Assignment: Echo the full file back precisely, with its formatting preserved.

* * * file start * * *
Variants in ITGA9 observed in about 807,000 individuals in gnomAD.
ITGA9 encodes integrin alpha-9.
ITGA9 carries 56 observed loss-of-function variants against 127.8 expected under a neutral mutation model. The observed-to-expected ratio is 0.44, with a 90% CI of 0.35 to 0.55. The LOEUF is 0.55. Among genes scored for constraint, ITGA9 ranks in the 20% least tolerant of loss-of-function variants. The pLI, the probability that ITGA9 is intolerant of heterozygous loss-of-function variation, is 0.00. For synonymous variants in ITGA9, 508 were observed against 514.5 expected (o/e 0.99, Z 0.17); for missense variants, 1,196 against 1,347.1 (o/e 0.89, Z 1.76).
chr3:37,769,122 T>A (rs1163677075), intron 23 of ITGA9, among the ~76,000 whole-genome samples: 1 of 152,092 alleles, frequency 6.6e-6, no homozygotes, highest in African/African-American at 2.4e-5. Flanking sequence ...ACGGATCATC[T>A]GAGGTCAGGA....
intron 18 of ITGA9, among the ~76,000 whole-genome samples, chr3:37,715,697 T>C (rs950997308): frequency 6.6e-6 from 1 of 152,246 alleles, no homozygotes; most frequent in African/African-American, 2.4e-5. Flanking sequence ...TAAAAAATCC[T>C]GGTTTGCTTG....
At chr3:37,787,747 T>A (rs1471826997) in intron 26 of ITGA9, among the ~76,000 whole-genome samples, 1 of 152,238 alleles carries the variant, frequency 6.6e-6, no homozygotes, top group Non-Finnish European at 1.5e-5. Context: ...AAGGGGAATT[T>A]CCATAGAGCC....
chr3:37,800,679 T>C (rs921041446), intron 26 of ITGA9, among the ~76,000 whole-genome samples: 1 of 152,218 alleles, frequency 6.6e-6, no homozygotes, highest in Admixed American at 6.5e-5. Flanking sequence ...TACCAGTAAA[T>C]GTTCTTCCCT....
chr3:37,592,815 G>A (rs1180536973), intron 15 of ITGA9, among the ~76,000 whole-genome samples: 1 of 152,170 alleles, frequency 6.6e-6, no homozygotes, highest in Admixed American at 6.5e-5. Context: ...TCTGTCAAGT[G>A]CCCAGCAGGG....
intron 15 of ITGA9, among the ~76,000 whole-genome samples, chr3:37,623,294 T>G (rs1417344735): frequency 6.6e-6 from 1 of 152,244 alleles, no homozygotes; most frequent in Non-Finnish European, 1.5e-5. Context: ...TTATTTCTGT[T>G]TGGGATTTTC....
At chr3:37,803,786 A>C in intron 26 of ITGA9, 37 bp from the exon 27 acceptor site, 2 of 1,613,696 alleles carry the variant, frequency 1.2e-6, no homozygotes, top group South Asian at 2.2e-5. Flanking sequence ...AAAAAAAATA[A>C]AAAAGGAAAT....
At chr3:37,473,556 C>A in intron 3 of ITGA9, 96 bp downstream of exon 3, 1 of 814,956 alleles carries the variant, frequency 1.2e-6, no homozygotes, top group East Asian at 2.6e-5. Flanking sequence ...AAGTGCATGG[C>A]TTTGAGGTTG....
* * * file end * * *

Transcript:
Variants in ITGA9 observed in about 807,000 individuals in gnomAD.
ITGA9 encodes integrin alpha-9.
ITGA9 carries 56 observed loss-of-function variants against 127.8 expected under a neutral mutation model. The observed-to-expected ratio is 0.44, with a 90% CI of 0.35 to 0.55. The LOEUF is 0.55. Among genes scored for constraint, ITGA9 ranks in the 20% least tolerant of loss-of-function variants. The pLI, the probability that ITGA9 is intolerant of heterozygous loss-of-function variation, is 0.00. For synonymous variants in ITGA9, 508 were observed against 514.5 expected (o/e 0.99, Z 0.17); for missense variants, 1,196 against 1,347.1 (o/e 0.89, Z 1.76).
chr3:37,769,122 T>A (rs1163677075), intron 23 of ITGA9, among the ~76,000 whole-genome samples: 1 of 152,092 alleles, frequency 6.6e-6, no homozygotes, highest in African/African-American at 2.4e-5. Flanking sequence ...ACGGATCATC[T>A]GAGGTCAGGA....
intron 18 of ITGA9, among the ~76,000 whole-genome samples, chr3:37,715,697 T>C (rs950997308): frequency 6.6e-6 from 1 of 152,246 alleles, no homozygotes; most frequent in African/African-American, 2.4e-5. Flanking sequence ...TAAAAAATCC[T>C]GGTTTGCTTG....
At chr3:37,787,747 T>A (rs1471826997) in intron 26 of ITGA9, among the ~76,000 whole-genome samples, 1 of 152,238 alleles carries the variant, frequency 6.6e-6, no homozygotes, top group Non-Finnish European at 1.5e-5. Context: ...AAGGGGAATT[T>A]CCATAGAGCC....
chr3:37,800,679 T>C (rs921041446), intron 26 of ITGA9, among the ~76,000 whole-genome samples: 1 of 152,218 alleles, frequency 6.6e-6, no homozygotes, highest in Admixed American at 6.5e-5. Flanking sequence ...TACCAGTAAA[T>C]GTTCTTCCCT....
chr3:37,592,815 G>A (rs1180536973), intron 15 of ITGA9, among the ~76,000 whole-genome samples: 1 of 152,170 alleles, frequency 6.6e-6, no homozygotes, highest in Admixed American at 6.5e-5. Context: ...TCTGTCAAGT[G>A]CCCAGCAGGG....
intron 15 of ITGA9, among the ~76,000 whole-genome samples, chr3:37,623,294 T>G (rs1417344735): frequency 6.6e-6 from 1 of 152,244 alleles, no homozygotes; most frequent in Non-Finnish European, 1.5e-5. Context: ...TTATTTCTGT[T>G]TGGGATTTTC....
At chr3:37,803,786 A>C in intron 26 of ITGA9, 37 bp from the exon 27 acceptor site, 2 of 1,613,696 alleles carry the variant, frequency 1.2e-6, no homozygotes, top group South Asian at 2.2e-5. Flanking sequence ...AAAAAAAATA[A>C]AAAAGGAAAT....
At chr3:37,473,556 C>A in intron 3 of ITGA9, 96 bp downstream of exon 3, 1 of 814,956 alleles carries the variant, frequency 1.2e-6, no homozygotes, top group East Asian at 2.6e-5. Flanking sequence ...AAGTGCATGG[C>A]TTTGAGGTTG....